As we mentioned yesterday, the city council's Trinity River Corridor Project Committee was briefed on what should be done about the scrap metal recyclers located near the Trinity corridor, which are gumming up the city's "vision" for the Trinity project. Theresa O'Donnell, director of development services, urged the committee for direction on options ranging from leaving the businesses as-is to closing them down immediately.
"One of hardest decisions is how to treat non-conforming uses when there's a disconnect between the future vision and what's on the ground today," O'Donnell said. "The presence of the scrap metal dealers does not help fulfill the Trinity vision."
Council member Mitchell Rasansky said he was surprised the issue was being discussed and claimed that asking the 25 scrap metal recyclers in Dallas to relocate is the wrong way to treat businesses.
"You want these people to move? Get the city of Dallas's pocketbook ready," he said. "I'm not here to put anyone out of business. I'm just not going to do it, and this is a joke."
As the couple dozen owners of scrap yards in the audience looked on, Rasansky said they should be reimbursed for their land and 20 years of income, and he estimated the cost at $500 million. He then proceeded to dress down poor Dorcy Clark, the city's economic development coordinator.
"I'm sure you're a very nice person, but you're smiling," Rasansky said. "These people have there their whole lives, generation after generation, and we're trying to put them out of business. And that is not the American way to do things."
He then criticized the city's decision to meet one-on-one with the owners as opposed to as a group, noting that people feel more intimidated when meeting individually.
"Is there a reason we didn't meet with them as a group?" Rasansky asked. "Hello?"
"Mr. Rasansky, let's stay professional," committee chair Dave Neumann said.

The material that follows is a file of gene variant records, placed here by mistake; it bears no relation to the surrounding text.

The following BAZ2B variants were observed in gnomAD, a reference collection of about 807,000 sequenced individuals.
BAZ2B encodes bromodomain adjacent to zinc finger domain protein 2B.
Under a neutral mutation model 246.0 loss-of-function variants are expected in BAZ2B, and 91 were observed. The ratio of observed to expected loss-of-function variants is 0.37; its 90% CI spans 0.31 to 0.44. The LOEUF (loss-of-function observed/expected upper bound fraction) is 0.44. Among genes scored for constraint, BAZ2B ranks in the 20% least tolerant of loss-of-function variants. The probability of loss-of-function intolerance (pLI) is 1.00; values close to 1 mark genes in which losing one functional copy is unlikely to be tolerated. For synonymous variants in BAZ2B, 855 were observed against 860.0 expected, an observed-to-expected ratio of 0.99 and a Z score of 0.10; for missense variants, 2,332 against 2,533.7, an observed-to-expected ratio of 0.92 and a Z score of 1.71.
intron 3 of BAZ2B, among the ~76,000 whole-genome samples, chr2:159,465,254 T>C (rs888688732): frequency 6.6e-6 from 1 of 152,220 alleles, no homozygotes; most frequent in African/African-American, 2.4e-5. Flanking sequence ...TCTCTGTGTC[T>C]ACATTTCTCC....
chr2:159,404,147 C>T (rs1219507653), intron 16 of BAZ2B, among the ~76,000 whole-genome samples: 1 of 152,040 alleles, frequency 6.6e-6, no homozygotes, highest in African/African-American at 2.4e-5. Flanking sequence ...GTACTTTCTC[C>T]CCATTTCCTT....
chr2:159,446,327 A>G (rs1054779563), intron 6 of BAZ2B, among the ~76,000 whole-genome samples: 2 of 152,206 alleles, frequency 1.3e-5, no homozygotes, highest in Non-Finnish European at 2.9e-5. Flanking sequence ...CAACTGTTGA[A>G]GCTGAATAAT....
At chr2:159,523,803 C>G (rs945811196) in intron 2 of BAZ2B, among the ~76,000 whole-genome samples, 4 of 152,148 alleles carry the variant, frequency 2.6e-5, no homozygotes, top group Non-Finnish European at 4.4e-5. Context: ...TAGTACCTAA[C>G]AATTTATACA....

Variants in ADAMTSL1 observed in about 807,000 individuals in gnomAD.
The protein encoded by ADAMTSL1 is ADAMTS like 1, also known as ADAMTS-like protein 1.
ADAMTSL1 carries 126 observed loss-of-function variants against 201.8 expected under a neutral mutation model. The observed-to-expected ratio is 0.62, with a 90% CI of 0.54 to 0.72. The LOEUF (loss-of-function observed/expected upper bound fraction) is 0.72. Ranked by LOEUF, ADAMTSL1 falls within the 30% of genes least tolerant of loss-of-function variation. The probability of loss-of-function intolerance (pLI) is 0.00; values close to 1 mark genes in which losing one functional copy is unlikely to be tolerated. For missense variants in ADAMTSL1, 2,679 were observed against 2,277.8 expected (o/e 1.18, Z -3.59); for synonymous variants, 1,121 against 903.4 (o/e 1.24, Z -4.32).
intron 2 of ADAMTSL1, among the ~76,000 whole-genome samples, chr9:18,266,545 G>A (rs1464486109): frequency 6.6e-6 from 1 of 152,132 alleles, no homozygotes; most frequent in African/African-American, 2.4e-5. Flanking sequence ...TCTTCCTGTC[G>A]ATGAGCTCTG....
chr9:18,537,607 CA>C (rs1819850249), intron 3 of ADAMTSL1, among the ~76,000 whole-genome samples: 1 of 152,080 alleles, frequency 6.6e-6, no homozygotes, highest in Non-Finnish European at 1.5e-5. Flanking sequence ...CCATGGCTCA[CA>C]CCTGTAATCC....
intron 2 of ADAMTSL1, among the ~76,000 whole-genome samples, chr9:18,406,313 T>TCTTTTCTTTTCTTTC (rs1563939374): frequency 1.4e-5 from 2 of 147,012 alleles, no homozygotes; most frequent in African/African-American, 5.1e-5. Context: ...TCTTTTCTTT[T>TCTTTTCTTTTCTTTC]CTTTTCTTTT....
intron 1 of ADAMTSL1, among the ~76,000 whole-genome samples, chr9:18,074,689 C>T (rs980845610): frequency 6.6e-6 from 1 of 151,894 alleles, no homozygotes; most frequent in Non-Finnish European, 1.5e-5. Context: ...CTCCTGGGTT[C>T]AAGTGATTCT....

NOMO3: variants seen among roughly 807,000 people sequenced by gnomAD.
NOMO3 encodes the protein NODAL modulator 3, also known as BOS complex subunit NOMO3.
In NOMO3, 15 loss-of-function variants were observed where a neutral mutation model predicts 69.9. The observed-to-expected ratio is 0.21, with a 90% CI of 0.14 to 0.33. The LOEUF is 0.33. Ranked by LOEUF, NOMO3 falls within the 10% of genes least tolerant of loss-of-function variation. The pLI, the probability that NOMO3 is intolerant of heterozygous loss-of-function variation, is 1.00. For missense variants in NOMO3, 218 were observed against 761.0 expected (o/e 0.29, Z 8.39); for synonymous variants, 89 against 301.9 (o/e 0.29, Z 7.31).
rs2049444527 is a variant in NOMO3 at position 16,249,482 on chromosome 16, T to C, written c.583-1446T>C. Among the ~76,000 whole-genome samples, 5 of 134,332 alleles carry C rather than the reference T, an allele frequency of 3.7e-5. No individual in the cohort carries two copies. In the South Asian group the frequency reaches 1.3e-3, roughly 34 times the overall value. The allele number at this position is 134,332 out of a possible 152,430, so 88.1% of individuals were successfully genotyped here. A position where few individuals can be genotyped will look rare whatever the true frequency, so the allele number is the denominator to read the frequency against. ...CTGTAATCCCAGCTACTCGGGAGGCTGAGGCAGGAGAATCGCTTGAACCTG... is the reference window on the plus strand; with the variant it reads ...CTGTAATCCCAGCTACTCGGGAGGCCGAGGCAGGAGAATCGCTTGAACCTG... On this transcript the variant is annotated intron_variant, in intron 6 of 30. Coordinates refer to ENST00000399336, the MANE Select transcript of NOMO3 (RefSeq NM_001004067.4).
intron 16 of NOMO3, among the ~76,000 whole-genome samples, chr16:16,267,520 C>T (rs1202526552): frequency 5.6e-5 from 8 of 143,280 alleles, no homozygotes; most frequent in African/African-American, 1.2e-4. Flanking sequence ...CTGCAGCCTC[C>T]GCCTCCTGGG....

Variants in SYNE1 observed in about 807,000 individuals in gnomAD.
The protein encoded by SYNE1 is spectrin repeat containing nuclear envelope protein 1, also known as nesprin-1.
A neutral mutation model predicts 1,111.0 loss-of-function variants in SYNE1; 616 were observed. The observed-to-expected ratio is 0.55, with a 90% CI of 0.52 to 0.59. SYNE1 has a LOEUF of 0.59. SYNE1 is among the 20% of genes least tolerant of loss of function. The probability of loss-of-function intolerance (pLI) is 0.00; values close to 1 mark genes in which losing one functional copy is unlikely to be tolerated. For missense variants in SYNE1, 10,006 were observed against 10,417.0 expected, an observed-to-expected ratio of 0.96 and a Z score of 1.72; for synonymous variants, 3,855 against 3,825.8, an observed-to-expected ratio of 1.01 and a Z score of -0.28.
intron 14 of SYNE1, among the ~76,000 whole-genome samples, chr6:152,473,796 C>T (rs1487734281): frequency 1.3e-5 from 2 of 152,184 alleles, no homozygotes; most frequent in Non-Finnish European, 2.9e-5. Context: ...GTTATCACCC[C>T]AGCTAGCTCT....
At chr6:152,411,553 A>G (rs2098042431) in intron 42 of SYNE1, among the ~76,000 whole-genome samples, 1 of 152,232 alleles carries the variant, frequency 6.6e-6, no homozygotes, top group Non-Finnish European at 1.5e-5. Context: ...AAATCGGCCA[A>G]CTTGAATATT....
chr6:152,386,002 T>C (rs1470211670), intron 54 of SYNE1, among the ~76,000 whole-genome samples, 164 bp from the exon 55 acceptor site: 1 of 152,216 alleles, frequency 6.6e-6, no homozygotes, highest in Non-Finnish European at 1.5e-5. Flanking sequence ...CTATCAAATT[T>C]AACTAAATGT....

"I'm staying professional," Rasansky said. "I want them to stay professional too."
"Mr. Rasansky..." Neuman said.
"I am talking to them, Mr. Chairman. I am talking to them," Rasansky said. "Don't interrupt me, and I won't interrupt you on a case like this. May I ask you why you did not get them all together at one time?"
"I'd be happy to answer that," replied a visibly shaken Clark. "We just felt like meeting with them individually, we could understand their business needs and really understand what was important to them. And we were afraid of sharing business information from one company to another."
Rasansky was also upset that no one from the industry was included on the task force charged with addressing this issue, with Assistant City Manager Jill Jordan stressing that the task force was a city staff effort and the briefing was initial, not final.
"This is too of a drastic a move to even talk this way," Rasansky said. "I think it's very frightening."
Rasansky also provided a sneak peek of his new thoughts regarding the Trinity Turnpike briefing that followed.
"I'm not so sure about our toll road now," he said.
Deputy Mayor Pro Tem Dwaine Caraway said he wants to make sure the conversation on the issue is "all inclusive," stressing that a decision will be made based on "what's best for everybody." He also pointed out that part of the targeting of these businesses was the recent wave of thefts related to copper, but Caraway noted that crime related to metal theft has decreased.
Carolyn Davis offered up her usual dose of tension as everyone in the room cringed every time she referred the scrap metal as "strap metal."
Ultimately, Neumann said the committee has not settled on a position, only saying there is a consensus that the owners should be met with as a group. He stressed that the briefing was only meant to open discussion and described it as a "city issue that we're going to grapple with."
Neumann told O'Donnell that he would follow up with her as to where the staff should go next, and he said the issue should be addressed, but how and when are the questions left to be resolved.